After the reaction, the solid catalyst was filtered out from the mixture with the aid of a vacuum pump. The filtered sample was then separated by centrifugation at 4000 rpm for 15 min. Two phases would be formed, namely an ester-rich phase (top layer) and a glycerol-rich phase (bottom layer). The glycerol was removed using a separating funnel while the excess methanol in the ester-rich phase was removed via a rotary evaporator. The sample from the ester-rich phase underwent further treatment including diluted acetic acid washing (90°C) to remove all dissolved residues and finally hot air oven drying (65°C) to remove all H2O content. The mass of the final product, that is, biodiesel was measured for the determination of yield according to Equation (1) and is presented in this work as the average of three repeats.

(1)

Conventional mixing transesterification experiments were additionally performed as a benchmark to compare the presence and absence of ultrasound on biodiesel yield and FAME conversion. The nominal reaction time, catalyst loading, methanol to oil molar ratio, and temperature were set at 180 min, 4 wt.%, 12:1 and 45°C, respectively.

Gas chromatography (GC) analyses

Fatty acid methyl esters analysis

The FAME in the final biodiesel products were qualitatively and quantitatively analyzed three times by gas chromatography (GC). The GC used was a Perkin Elmer (Petaling Jaya, Selangor, Malaysia) Clarus 500 GC equipped with a flame ionization detector (FID). The capillary column used was an Agilent (Petaling Jaya, Selangor, Malaysia) J&W HP-88 column with dimensions of 0.25 mm I.D. × 60 m length × 0.2 μm film thickness. Helium (He) was the carrier gas and its pressure was set at 32 psi. The oven temperature was isothermally held at 185°C for 15 min. Meanwhile, the injector and detector temperatures were set at 240 and 250°C, respectively. For qualitative analysis, 0.1 mL of biodiesel sample was dissolved into 1.9 mL of hexane. 1 μL injections with a split injection ratio of 100:1 were carried out. The identification of all fatty acids composition in the sample was compared to the reference FAME mix RM-6. Meanwhile, quantitative FAME conversion was determined according to EN 14103 [21]. For this, 50 mg of biodiesel sample was mixed with 1 mL of internal standard methyl heptadecanoate (C17) solution (10 mg/mL). Similarly, 1 μL of the mixed sample was injected into the GC. The quantitative analysis provides verification that the FAME conversion in biodiesel is greater than 96.5% (mol/mol) in accordance to the specifications reported in EN 14214 [22]. As detailed in EN 14103, the FAME conversion was calculated using Equation (2).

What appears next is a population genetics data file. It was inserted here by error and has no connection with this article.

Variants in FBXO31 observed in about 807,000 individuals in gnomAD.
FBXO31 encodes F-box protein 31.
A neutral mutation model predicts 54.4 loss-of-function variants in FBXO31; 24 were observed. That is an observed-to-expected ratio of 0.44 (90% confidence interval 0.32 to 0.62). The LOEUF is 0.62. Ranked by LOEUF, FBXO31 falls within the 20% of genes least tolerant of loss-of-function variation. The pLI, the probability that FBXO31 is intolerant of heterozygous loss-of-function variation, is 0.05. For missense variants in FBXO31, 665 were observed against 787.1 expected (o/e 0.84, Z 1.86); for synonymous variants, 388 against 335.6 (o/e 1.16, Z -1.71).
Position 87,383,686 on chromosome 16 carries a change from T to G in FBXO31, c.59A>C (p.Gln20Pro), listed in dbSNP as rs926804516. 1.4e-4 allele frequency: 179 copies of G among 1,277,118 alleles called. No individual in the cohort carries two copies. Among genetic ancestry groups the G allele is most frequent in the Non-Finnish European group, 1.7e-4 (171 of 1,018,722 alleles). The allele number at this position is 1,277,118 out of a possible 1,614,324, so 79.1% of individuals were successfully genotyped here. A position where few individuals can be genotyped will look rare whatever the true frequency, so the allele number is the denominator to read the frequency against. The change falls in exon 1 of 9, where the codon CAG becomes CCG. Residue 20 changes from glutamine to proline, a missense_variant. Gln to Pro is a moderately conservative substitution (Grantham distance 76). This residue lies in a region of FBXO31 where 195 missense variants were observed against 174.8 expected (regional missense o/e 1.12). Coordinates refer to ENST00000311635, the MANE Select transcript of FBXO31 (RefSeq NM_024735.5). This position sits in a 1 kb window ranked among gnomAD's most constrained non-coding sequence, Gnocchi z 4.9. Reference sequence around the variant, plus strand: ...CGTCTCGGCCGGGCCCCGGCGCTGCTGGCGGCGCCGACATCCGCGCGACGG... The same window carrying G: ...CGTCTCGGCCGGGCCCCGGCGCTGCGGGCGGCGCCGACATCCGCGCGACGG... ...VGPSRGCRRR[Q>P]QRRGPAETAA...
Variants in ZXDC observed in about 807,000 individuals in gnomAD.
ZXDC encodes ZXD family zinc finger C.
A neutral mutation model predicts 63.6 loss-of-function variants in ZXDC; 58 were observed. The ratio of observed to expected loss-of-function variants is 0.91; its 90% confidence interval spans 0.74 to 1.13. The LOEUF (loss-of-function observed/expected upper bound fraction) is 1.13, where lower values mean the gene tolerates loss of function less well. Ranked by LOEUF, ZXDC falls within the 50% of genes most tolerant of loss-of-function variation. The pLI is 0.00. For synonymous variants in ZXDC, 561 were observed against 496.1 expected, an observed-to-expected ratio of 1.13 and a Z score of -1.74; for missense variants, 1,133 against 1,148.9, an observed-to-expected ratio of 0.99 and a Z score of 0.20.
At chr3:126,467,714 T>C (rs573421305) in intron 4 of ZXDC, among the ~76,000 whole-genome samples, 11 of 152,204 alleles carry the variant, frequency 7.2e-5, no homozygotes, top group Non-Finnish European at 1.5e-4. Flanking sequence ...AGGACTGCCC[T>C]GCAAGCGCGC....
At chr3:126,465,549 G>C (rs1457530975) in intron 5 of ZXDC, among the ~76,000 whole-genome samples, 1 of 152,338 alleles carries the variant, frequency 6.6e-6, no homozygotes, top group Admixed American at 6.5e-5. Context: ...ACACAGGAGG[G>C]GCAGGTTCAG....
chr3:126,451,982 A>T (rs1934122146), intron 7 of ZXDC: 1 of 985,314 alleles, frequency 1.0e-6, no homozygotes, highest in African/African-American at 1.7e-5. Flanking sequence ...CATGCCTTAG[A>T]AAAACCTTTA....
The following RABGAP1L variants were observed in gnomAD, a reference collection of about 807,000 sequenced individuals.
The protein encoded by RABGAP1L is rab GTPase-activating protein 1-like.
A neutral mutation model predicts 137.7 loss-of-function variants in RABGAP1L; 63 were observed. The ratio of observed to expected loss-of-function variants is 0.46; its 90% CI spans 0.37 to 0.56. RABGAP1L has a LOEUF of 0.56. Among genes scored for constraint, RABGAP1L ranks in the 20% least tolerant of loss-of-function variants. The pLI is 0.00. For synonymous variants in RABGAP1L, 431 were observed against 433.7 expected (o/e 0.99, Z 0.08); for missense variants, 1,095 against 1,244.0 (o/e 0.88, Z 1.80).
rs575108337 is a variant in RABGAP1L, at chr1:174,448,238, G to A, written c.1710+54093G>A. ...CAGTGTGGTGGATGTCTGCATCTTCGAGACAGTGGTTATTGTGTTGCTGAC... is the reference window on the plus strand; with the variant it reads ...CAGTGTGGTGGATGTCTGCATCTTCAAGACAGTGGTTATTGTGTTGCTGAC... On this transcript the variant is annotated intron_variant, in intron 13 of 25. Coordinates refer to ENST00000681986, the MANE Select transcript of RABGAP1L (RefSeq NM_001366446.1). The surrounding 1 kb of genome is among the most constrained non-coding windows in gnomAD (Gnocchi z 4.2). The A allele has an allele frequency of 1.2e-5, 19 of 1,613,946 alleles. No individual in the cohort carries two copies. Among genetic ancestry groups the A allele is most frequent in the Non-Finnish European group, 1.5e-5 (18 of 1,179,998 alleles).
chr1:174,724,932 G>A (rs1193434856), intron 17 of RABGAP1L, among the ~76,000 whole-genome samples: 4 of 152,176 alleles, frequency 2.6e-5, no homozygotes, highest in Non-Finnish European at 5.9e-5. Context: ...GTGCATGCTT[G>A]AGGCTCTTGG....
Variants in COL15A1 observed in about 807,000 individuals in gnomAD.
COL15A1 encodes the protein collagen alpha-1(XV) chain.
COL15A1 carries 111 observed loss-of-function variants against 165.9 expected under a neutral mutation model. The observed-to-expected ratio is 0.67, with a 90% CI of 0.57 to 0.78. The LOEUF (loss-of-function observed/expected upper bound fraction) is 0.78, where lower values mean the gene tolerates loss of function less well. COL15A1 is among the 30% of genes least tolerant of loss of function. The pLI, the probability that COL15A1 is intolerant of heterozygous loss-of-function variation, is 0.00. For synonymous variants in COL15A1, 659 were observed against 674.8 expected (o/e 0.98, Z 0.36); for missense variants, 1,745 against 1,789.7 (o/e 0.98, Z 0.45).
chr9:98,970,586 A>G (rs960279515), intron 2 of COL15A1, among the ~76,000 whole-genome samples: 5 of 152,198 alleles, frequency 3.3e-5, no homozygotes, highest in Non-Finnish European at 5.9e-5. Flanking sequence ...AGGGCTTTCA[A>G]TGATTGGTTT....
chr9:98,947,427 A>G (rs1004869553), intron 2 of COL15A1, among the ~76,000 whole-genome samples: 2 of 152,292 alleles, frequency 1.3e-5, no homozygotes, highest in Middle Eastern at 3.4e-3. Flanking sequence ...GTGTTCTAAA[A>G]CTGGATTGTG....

(2)

where is the sum of areas of all peaks ranging from C14:0 and C24:1; AIS is the internal standard (methyl heptadecanoate) peak area; CIS is the concentration of the internal standard solution (mg/mL); VIS is the volume of the internal standard solution used (mL); and m is the mass of the sample (mg).

Glyceride analysis

Triplicate analyses of free glycerol, monoglycerides (MG), diglycerides (DG), triglycerides (TG), and total glycerol were performed on a Perkin Elmer Clarus 680 GC equipped with an on-column injector, a FID, and a Supelco MET-biodiesel capillary column (14 m × 0.53 mm ID) coated with 0.16 μm film with an integrated 2 m × 0.53 mm I.D. guard. The GC operating conditions were as follows: detector temperature 380°C; programmed-temperature split/splitless injector 60°C hold for 1 min, heat at 15°C/min to 300°C; then heat at 30°C/min up to 380°C; oven temperature program 2 min at 50°C, heat at 15°C/min to 180°C, then heat at 7°C/min to 230°C and finally heat at 10°C/min up to 370°C and hold for 5 min. The carrier gas (He) flow was set at 3 mL/min.